Job fears push the points race to new levels
TOUGH: Record numbers applying
COLLEGE places will be even harder to secure this year as the points race reaches unprecedented levels.
As more young people turn to education to ride out the recession, the entry points for dozens of popular courses are being pushed up.
Record numbers of students are expected to apply for third-level places by the time the CAO deadline closes on February 1.
However, where once the focus was on subjects such as computing, construction and architecture, experts say that there is now a particularly high demand for courses in science, technology and agriculture.
These are seen as the safest bet when it comes to finding a job after college.
But points for courses that give students a broader education -- such as arts and business -- are also on the rise.
Just last week the IDA said that 2011 was its best year for job creation in a decade but warned that the opportunities were focused on certain sectors.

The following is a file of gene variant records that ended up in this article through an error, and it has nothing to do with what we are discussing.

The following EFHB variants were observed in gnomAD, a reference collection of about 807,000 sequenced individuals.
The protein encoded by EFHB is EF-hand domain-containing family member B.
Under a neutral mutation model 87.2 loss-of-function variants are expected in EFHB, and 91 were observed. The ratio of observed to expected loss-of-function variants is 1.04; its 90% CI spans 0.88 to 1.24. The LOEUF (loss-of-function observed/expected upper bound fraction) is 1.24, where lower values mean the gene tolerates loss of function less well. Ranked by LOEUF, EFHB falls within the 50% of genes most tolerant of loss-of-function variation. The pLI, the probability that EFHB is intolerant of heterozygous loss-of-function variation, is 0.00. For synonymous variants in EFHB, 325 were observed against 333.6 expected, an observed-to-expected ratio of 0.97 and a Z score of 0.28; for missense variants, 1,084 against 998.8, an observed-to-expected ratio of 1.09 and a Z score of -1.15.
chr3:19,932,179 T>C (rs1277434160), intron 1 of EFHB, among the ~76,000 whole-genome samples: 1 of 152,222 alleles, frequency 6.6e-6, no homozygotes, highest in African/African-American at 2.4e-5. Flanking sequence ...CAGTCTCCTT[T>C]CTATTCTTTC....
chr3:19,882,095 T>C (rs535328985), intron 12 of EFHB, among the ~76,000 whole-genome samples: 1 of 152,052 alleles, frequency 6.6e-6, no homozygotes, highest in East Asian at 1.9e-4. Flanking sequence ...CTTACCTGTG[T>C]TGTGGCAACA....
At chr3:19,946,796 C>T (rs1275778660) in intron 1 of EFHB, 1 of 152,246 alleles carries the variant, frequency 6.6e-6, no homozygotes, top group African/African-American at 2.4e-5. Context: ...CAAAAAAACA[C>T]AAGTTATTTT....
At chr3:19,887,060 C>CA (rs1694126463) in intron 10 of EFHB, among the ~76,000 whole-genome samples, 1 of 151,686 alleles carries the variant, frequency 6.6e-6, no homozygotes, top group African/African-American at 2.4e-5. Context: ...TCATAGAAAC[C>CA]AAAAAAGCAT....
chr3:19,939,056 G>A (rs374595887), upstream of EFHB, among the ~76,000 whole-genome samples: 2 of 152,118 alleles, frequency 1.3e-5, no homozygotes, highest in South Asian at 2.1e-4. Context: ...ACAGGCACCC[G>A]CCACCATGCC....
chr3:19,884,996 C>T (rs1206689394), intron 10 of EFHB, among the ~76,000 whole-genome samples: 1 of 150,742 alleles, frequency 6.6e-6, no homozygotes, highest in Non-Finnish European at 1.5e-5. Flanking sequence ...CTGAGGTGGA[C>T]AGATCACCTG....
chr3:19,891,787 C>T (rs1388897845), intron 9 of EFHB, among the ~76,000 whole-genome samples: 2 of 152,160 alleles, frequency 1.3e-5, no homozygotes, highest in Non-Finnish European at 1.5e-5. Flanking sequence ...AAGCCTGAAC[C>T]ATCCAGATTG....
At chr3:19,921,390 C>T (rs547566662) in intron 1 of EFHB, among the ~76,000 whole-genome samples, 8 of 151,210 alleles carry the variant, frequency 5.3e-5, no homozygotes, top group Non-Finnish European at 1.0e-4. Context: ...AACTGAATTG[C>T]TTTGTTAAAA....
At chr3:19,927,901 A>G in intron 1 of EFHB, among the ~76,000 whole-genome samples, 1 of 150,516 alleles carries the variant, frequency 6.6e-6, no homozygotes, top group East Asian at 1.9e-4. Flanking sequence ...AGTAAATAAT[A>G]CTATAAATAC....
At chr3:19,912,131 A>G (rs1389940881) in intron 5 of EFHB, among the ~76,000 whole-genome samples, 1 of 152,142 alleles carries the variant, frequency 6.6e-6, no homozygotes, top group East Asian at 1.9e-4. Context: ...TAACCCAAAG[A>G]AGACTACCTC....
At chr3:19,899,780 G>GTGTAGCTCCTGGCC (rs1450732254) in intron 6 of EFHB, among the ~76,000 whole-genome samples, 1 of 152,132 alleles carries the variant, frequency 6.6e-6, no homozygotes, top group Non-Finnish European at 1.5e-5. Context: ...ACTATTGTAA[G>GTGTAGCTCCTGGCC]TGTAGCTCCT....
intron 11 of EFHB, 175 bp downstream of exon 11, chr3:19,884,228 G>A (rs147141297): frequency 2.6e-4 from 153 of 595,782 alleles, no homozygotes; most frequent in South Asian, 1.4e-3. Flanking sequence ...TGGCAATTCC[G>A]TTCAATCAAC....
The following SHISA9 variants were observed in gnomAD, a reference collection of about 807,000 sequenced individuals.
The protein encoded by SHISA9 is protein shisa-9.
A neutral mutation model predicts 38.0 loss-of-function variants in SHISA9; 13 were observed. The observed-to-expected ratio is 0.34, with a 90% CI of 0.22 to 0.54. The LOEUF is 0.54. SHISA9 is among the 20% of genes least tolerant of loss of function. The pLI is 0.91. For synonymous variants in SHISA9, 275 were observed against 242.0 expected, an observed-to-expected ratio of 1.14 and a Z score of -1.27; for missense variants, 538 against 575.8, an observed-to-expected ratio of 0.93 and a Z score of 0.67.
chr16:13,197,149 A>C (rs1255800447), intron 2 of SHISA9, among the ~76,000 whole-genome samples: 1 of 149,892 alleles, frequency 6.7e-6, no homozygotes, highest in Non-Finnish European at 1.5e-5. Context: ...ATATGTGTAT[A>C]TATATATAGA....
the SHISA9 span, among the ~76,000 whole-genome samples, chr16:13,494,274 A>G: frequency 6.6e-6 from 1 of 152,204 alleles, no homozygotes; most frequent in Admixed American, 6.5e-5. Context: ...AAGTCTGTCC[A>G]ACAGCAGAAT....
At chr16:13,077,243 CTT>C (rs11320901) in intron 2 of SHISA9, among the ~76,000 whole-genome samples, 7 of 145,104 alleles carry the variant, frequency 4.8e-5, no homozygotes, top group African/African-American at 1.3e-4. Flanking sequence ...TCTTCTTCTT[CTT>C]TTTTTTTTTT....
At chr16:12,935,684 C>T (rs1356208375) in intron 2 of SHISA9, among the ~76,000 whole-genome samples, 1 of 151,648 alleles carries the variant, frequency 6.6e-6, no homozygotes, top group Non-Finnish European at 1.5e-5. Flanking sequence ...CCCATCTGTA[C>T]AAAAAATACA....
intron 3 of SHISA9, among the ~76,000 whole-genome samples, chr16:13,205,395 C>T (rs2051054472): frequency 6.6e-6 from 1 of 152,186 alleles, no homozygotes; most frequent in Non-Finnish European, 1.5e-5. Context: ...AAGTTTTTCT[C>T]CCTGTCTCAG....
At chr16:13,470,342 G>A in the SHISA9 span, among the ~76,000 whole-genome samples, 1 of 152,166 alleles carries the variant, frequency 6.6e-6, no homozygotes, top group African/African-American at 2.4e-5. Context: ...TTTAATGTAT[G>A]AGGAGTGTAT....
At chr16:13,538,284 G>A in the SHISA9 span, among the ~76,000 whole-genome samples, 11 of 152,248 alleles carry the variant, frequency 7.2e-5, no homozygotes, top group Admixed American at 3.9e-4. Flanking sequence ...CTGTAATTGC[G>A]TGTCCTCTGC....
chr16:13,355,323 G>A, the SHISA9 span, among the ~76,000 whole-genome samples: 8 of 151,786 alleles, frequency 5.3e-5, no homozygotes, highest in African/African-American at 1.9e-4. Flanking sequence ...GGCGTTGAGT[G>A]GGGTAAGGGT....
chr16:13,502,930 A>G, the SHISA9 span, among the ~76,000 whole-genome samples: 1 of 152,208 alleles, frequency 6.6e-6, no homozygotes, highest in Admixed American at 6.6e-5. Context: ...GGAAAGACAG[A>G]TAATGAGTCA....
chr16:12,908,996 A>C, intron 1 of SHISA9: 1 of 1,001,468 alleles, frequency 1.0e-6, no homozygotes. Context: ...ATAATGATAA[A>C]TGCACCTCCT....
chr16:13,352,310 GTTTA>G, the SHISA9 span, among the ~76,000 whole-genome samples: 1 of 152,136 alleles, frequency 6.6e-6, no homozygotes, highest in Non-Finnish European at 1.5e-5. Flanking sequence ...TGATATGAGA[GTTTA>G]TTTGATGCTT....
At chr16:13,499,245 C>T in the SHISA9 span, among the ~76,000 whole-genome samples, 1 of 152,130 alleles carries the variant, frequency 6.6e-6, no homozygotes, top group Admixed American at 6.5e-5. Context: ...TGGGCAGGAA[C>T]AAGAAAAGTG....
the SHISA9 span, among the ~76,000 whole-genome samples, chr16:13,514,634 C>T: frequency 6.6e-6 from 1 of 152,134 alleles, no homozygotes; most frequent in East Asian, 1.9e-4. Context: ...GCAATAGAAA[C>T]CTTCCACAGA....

And today Higher Education Authority chairman John Hennessy urged parents "to move away from the notion that secure employment is in the traditional professions such as medicine, law and teaching".
"The real opportunities for Irish graduates will be in technology, science and engineering, and students with an interest in these areas must be encouraged to pursue courses in those fields," he said.
More than 40,000 students will make their initial application to the CAO before the end of the month.
They then have the option of changing their mind and re-submitting a fresh CAO application before July 1.
The points race is also being influenced this year by changes to the system including the awarding of extra points for higher-level Maths.
Students who secure a minimum mark of a D3 in higher-level Maths will be given an extra 25 CAO points if Maths is counted among their six best subjects.
Experts also point to a fall in the number of Irish students applying to colleges in Britain where tuition charges can now be as high as £9,000 (¤10,800).
There is also a massive drop in the number of leaving certificate students opting for apprenticeships.